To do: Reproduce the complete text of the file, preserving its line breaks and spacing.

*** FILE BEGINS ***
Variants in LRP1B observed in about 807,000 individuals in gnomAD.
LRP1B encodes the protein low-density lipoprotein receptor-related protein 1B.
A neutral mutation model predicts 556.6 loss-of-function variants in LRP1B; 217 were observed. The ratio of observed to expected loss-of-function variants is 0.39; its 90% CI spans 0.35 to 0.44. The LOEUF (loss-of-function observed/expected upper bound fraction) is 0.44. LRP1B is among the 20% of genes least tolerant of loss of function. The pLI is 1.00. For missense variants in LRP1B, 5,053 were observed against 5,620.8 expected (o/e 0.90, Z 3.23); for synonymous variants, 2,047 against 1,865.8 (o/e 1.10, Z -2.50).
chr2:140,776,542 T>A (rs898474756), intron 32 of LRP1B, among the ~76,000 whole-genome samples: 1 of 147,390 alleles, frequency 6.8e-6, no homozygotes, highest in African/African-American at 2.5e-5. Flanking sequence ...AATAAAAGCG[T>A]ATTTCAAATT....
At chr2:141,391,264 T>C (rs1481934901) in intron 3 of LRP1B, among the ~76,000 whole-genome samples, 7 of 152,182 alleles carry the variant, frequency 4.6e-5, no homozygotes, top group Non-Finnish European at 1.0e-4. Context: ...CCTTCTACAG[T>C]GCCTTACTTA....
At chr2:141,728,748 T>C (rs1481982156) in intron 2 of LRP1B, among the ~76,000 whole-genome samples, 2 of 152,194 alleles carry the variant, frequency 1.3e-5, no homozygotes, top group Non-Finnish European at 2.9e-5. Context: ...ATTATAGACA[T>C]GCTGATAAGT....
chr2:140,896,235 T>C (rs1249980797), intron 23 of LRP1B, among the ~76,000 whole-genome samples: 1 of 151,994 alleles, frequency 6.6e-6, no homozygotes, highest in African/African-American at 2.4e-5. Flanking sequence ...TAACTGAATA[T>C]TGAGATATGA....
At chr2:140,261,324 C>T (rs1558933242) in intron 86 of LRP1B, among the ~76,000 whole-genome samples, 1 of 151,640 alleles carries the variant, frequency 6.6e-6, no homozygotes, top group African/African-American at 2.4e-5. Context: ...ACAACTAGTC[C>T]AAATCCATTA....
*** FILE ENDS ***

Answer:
Variants in LRP1B observed in about 807,000 individuals in gnomAD.
LRP1B encodes the protein low-density lipoprotein receptor-related protein 1B.
A neutral mutation model predicts 556.6 loss-of-function variants in LRP1B; 217 were observed. The ratio of observed to expected loss-of-function variants is 0.39; its 90% CI spans 0.35 to 0.44. The LOEUF (loss-of-function observed/expected upper bound fraction) is 0.44. LRP1B is among the 20% of genes least tolerant of loss of function. The pLI is 1.00. For missense variants in LRP1B, 5,053 were observed against 5,620.8 expected (o/e 0.90, Z 3.23); for synonymous variants, 2,047 against 1,865.8 (o/e 1.10, Z -2.50).
chr2:140,776,542 T>A (rs898474756), intron 32 of LRP1B, among the ~76,000 whole-genome samples: 1 of 147,390 alleles, frequency 6.8e-6, no homozygotes, highest in African/African-American at 2.5e-5. Flanking sequence ...AATAAAAGCG[T>A]ATTTCAAATT....
At chr2:141,391,264 T>C (rs1481934901) in intron 3 of LRP1B, among the ~76,000 whole-genome samples, 7 of 152,182 alleles carry the variant, frequency 4.6e-5, no homozygotes, top group Non-Finnish European at 1.0e-4. Context: ...CCTTCTACAG[T>C]GCCTTACTTA....
At chr2:141,728,748 T>C (rs1481982156) in intron 2 of LRP1B, among the ~76,000 whole-genome samples, 2 of 152,194 alleles carry the variant, frequency 1.3e-5, no homozygotes, top group Non-Finnish European at 2.9e-5. Context: ...ATTATAGACA[T>C]GCTGATAAGT....
chr2:140,896,235 T>C (rs1249980797), intron 23 of LRP1B, among the ~76,000 whole-genome samples: 1 of 151,994 alleles, frequency 6.6e-6, no homozygotes, highest in African/African-American at 2.4e-5. Flanking sequence ...TAACTGAATA[T>C]TGAGATATGA....
At chr2:140,261,324 C>T (rs1558933242) in intron 86 of LRP1B, among the ~76,000 whole-genome samples, 1 of 151,640 alleles carries the variant, frequency 6.6e-6, no homozygotes, top group African/African-American at 2.4e-5. Context: ...ACAACTAGTC[C>T]AAATCCATTA....